OO and Java FAQ

Joseph Bergin
Pace University


General Questions

1. What is a good place to learn about Object-Oriented Design.

Two good sources are the CRC Card Book (Bellin...) and Designing Object Oriented Software (Wirfs-Brock...). Another book is Hunt's Java for Practitioners, though this focuses more on programming than design. There are many more resources on my web pages. Note that although the techniques are different the quality criteria are the same in OO as in structured design: cohesion, encapsulation, loose binding, thin interfaces...

2. What are design patterns?

Design patterns are a tool for capturing expertise about design and for improving design. For an introduction to patterns look at http://www.enteract.com/~bradapp/docs/patterns-intro.html You can also use the Wiki Web: http://c2.com/cgi/wiki Look especially for their find page. The wiki is the virtual meeting place of the patterns community, actually. It will have information about many aspects of this course including Extreme Programming.

3. What is Extreme Programming (XP)?

Extreme Programming (or XP) is a simple (lightweight) methodology for teams of up to about 10 members on projects of up to about 100 person years. It differs radically from most others. Another similar one is called Scrum. Look on wiki. There is a good intro at http://c2.com/cgi/wiki?ExtremeProgramming. See the book Extreme Programming Explained by Kent Beck. There is also a site devoted to XP http://www.xprogramming.com/ It has a lot of information including an introduction to XP. Note that XP focuses on the implementation part though, not the design part so it is for later in the course. Scrum Methodology is discussed at http://c2.com/cgi/wiki?ScrumMethodology and on their home site: http://www.controlchaos.com/

4. How important is reuse in designing for OO?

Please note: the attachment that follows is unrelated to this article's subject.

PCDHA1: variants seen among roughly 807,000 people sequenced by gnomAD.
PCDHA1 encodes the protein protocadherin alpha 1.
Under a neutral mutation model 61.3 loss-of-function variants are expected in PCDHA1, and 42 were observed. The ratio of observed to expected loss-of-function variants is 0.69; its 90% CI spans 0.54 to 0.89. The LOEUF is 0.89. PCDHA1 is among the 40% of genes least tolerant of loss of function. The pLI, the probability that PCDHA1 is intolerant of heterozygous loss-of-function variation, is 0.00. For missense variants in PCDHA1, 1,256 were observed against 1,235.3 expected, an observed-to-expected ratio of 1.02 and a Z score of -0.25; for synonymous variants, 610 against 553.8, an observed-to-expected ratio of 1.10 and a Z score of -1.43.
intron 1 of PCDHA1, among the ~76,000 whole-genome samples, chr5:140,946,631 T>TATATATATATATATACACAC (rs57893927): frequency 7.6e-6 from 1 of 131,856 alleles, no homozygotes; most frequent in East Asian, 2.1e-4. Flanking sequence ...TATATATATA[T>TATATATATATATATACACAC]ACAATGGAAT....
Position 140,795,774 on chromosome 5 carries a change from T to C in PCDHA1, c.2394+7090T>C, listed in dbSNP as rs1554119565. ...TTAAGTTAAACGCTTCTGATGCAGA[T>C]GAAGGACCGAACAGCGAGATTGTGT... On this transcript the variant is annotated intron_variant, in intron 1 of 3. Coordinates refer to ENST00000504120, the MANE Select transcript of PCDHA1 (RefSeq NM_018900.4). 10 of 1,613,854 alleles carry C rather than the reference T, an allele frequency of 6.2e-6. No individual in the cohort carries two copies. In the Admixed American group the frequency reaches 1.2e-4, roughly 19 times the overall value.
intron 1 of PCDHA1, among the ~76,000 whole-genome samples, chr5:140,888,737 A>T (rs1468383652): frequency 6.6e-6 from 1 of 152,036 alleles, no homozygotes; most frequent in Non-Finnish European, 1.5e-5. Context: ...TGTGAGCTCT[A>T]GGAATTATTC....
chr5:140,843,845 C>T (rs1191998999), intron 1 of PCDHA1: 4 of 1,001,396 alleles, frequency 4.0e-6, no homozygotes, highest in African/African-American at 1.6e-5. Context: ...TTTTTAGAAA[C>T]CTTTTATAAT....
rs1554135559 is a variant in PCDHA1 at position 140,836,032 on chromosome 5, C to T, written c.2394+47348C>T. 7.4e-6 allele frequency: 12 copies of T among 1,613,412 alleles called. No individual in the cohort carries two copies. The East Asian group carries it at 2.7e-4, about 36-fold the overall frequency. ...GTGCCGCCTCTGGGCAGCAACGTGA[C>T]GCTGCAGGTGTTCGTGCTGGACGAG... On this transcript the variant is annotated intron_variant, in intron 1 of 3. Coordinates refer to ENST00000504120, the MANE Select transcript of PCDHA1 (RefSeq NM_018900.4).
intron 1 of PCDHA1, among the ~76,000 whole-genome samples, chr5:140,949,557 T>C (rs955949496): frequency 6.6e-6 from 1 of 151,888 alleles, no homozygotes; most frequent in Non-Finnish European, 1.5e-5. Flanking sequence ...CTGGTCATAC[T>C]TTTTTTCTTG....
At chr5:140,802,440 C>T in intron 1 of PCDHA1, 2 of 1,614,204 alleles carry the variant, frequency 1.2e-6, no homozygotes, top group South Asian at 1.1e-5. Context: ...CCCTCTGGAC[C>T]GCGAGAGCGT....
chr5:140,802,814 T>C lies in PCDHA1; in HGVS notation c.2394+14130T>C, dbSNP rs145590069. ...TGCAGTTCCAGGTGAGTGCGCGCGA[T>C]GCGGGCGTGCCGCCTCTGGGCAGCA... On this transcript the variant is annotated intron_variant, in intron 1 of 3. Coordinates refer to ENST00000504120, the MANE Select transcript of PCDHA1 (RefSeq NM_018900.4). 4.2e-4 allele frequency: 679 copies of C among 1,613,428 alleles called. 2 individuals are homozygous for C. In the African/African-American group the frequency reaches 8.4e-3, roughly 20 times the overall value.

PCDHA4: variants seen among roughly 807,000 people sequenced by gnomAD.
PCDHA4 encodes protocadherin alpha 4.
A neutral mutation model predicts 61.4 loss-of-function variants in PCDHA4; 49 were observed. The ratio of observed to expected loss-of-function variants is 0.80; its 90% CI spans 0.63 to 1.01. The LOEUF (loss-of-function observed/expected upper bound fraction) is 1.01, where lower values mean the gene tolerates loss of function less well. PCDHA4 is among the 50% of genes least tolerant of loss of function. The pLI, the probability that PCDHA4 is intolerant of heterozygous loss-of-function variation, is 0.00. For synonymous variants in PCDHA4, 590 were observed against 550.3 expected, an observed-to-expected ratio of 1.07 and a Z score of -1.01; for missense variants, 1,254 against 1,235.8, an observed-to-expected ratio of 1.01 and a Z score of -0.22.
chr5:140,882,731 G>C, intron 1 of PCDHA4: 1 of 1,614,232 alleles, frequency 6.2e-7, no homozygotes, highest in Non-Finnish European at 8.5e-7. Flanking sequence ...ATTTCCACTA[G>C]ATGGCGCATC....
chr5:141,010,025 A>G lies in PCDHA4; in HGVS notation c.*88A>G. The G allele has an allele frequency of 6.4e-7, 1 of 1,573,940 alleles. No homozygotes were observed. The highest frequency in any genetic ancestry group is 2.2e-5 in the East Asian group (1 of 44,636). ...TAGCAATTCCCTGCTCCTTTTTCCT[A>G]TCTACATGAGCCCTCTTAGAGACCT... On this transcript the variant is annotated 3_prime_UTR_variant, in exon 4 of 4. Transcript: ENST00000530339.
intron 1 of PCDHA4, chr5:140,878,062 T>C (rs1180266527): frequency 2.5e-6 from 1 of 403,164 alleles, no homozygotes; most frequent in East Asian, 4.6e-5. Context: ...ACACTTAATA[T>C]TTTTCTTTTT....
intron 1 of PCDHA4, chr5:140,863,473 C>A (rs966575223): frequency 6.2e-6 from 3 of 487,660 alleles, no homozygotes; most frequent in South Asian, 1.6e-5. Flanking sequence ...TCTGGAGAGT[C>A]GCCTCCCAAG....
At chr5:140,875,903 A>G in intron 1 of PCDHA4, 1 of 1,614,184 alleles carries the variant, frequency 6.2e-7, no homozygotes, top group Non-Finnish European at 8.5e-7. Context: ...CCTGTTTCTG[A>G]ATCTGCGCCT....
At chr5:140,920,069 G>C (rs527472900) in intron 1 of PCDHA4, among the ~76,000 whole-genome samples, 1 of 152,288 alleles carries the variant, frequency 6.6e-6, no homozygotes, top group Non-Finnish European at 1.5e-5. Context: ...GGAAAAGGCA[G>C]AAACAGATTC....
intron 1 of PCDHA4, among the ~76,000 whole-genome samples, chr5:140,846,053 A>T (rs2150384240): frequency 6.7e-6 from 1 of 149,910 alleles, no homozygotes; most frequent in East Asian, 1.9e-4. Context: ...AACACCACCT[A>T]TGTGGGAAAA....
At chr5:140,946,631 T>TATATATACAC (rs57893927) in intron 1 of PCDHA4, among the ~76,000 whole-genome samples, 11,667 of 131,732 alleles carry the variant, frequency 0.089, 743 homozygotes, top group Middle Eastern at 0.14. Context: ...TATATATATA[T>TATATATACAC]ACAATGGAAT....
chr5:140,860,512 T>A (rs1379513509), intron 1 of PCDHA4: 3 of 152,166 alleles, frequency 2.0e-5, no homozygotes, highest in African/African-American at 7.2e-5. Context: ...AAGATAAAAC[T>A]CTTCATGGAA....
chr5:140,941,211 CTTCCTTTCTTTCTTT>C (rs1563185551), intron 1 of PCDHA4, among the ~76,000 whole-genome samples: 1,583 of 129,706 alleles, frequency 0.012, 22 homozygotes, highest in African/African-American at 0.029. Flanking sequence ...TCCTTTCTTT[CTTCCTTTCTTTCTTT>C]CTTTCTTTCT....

OO programmers/designers are learning that reuse is overrated. A much more powerful benefit of OO is the the fact that it enables piecemeal growth. Build a small system that works and then add to it to get a big system. This is the XP way, actually. It has been said that no LARGE project has ever been succesful if built in one go. All successful LARGE projects grew out of well designed small projects. There is a LOT of evidence for this in the telecom industry in which they depend on hundreds of millions of lines of code. This is why Star Wars and its replacements cannot be successful. They are huge and there is no way to build them incrementally. The wiki has this page: http://c2.com/cgi/wiki?PiecemealGrowth

Suppose you are building a large (for you) project. First build a small part of your project that is still "end to end," meaning it has all essential features. Then add features to it. You will then always have something to show even if you come to the end of the schedule before you come to the end of the project.

However, you should always reuse available resources, like the Java libraries.

Client Server and Distributed Computing

1. What is a good place to learn about Client/Server and Distributed Computing?

You can start with: Java Distributed Programming," Jim Farley, O'Reilly & Associates, 1998. My home page has a few resources. The wiki has this: http://c2.com/cgi/wiki?DistributedComputing

2. Does my communication topology need to be a star (centered at the server) or can it be more general?

It can be more general. In RMI, for example it is relatively easy to use a generalized interconnection topology. In effect, each remote object is both a client and a server. An RMI application looks like one large application and hides the fact that it is distributed. If you have a reference to an object local or remote you can send it messages in the same way. It doesn't matter where it is. If each "client" has a list of references to all the other "clients" It could talk to each of them directly and wouldn't have to relay communication thru a server (in RMI)

However, if your application needs a database to store information persistently, a star topology may be the most useful since all communication goes through the server which can capture it for the database. Otherwise you may need too much redundancy to be sure information isn't lost.

3. How do I handle "messages" coming from the client to the server that need to be distributed to all the clients?